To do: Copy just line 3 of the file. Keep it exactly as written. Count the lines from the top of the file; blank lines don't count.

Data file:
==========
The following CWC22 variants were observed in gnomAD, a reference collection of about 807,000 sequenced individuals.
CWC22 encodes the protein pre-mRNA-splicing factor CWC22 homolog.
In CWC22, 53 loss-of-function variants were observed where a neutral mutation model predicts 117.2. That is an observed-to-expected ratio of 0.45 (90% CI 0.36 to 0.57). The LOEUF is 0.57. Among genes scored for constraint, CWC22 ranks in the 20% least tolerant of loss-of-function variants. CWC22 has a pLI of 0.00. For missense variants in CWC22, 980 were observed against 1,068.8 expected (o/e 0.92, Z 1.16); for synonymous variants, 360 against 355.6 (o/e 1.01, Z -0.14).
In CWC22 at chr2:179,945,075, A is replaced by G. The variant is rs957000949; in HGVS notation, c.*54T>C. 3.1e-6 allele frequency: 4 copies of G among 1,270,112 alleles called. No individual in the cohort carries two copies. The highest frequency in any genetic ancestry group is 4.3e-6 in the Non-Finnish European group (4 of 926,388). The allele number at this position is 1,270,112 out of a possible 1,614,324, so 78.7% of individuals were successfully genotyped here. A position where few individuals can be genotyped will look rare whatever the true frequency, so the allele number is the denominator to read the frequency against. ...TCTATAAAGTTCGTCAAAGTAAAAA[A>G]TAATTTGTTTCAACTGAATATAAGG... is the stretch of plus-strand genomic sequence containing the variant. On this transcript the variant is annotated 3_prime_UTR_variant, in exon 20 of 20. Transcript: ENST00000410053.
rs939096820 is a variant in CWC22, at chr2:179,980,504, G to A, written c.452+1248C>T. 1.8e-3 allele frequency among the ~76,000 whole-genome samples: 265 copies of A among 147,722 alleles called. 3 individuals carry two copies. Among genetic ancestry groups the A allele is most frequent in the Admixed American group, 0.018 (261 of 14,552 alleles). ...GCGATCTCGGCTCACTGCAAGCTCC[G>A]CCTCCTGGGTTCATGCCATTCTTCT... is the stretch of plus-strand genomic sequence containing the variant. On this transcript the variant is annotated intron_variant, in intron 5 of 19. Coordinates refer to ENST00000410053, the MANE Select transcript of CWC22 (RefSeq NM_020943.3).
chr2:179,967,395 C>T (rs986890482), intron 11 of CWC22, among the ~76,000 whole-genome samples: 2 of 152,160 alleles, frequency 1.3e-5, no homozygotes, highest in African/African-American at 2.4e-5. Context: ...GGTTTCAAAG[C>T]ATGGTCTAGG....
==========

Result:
In CWC22, 53 loss-of-function variants were observed where a neutral mutation model predicts 117.2. That is an observed-to-expected ratio of 0.45 (90% CI 0.36 to 0.57). The LOEUF is 0.57. Among genes scored for constraint, CWC22 ranks in the 20% least tolerant of loss-of-function variants. CWC22 has a pLI of 0.00. For missense variants in CWC22, 980 were observed against 1,068.8 expected (o/e 0.92, Z 1.16); for synonymous variants, 360 against 355.6 (o/e 1.01, Z -0.14).